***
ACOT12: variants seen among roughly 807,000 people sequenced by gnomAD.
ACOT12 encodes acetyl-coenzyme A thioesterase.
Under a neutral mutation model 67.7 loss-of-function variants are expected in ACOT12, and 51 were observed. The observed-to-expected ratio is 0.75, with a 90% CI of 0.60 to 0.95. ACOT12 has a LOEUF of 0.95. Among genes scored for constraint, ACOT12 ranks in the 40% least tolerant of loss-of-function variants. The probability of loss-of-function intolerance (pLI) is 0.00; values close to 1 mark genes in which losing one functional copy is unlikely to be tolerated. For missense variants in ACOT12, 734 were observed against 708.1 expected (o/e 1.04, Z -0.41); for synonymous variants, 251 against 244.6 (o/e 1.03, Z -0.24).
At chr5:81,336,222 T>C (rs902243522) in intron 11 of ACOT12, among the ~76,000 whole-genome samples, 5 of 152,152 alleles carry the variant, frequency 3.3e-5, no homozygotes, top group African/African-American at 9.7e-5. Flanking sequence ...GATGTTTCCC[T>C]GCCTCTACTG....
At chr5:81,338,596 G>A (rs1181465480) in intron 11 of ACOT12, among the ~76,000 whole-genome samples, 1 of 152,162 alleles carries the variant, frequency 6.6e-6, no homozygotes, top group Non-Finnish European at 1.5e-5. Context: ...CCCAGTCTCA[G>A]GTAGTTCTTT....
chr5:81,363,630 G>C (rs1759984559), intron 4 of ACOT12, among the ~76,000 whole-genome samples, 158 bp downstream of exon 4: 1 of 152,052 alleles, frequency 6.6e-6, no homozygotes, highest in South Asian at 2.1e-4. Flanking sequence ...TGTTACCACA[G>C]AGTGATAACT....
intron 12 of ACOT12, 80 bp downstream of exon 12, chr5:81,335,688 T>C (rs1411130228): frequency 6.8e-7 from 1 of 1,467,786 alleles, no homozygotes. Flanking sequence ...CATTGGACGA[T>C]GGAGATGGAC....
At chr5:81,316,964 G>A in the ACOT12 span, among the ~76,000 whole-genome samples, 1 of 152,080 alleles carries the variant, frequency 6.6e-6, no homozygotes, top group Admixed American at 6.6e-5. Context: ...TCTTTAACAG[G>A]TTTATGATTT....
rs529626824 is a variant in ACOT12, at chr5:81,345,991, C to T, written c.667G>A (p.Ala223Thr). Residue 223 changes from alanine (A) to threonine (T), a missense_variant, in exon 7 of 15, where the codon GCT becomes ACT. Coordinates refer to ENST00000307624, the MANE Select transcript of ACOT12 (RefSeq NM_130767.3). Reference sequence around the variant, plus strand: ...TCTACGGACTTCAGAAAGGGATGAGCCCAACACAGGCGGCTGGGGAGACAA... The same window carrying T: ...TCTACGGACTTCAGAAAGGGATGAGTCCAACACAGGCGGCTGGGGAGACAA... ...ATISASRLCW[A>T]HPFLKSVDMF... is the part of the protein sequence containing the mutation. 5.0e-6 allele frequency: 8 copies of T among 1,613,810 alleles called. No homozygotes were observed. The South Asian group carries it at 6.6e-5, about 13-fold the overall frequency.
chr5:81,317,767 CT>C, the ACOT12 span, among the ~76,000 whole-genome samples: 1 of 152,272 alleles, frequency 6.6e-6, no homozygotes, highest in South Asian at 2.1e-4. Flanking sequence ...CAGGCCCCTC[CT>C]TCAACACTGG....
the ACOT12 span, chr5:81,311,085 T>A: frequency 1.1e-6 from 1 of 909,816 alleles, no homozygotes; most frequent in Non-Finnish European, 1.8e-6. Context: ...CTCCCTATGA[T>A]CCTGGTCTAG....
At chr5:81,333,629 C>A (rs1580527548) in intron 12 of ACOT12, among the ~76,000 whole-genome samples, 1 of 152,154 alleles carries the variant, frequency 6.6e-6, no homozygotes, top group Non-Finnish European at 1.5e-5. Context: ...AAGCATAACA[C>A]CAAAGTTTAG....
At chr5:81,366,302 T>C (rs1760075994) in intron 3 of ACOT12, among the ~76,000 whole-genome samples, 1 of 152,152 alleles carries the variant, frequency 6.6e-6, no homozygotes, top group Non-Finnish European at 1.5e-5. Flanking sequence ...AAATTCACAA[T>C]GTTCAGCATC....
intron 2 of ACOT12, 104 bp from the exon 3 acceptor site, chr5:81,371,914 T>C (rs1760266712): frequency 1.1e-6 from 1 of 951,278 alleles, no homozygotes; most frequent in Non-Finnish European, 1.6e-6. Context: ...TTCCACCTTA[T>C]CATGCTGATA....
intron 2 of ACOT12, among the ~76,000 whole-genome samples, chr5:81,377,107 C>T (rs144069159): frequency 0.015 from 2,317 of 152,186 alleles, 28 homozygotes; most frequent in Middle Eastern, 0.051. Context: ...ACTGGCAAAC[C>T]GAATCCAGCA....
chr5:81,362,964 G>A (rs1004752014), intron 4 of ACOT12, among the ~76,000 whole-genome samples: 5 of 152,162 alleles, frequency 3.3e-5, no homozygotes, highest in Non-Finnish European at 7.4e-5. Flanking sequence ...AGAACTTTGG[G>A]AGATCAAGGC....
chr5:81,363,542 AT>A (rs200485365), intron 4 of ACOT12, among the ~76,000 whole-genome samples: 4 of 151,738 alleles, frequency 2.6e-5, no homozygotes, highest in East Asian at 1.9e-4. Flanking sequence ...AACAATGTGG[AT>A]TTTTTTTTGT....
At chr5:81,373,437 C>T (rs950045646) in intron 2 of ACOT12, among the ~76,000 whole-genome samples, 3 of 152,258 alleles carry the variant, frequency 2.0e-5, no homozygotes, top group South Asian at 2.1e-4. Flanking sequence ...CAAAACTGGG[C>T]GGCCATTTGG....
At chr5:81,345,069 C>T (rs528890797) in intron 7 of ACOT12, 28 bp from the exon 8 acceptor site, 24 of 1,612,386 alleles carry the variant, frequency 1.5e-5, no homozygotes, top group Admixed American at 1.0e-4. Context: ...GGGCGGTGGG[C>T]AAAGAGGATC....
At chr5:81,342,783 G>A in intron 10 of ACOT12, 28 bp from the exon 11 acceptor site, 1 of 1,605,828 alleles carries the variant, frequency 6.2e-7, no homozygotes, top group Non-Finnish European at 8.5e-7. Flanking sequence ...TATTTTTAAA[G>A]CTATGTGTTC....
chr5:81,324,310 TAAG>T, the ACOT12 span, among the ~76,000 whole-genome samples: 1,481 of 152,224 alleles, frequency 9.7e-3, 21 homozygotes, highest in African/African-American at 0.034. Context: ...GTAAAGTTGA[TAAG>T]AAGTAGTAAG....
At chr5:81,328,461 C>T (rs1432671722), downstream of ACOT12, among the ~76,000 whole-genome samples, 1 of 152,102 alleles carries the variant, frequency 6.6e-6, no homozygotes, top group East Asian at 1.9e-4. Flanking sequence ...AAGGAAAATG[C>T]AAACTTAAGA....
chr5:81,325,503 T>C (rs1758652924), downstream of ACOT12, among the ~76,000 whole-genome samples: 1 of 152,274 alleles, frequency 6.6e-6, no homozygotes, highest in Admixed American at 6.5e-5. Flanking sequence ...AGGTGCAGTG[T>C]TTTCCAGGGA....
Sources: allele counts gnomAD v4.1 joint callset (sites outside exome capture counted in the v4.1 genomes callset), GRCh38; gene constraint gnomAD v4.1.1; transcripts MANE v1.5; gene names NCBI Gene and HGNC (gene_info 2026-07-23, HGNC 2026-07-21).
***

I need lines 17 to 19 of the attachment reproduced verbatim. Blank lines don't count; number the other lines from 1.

chr5:81,363,542 AT>A (rs200485365), intron 4 of ACOT12, among the ~76,000 whole-genome samples: 4 of 151,738 alleles, frequency 2.6e-5, no homozygotes, highest in East Asian at 1.9e-4. Flanking sequence ...AACAATGTGG[AT>A]TTTTTTTTGT....
At chr5:81,373,437 C>T (rs950045646) in intron 2 of ACOT12, among the ~76,000 whole-genome samples, 3 of 152,258 alleles carry the variant, frequency 2.0e-5, no homozygotes, top group South Asian at 2.1e-4. Flanking sequence ...CAAAACTGGG[C>T]GGCCATTTGG....
At chr5:81,345,069 C>T (rs528890797) in intron 7 of ACOT12, 28 bp from the exon 8 acceptor site, 24 of 1,612,386 alleles carry the variant, frequency 1.5e-5, no homozygotes, top group Admixed American at 1.0e-4. Context: ...GGGCGGTGGG[C>T]AAAGAGGATC....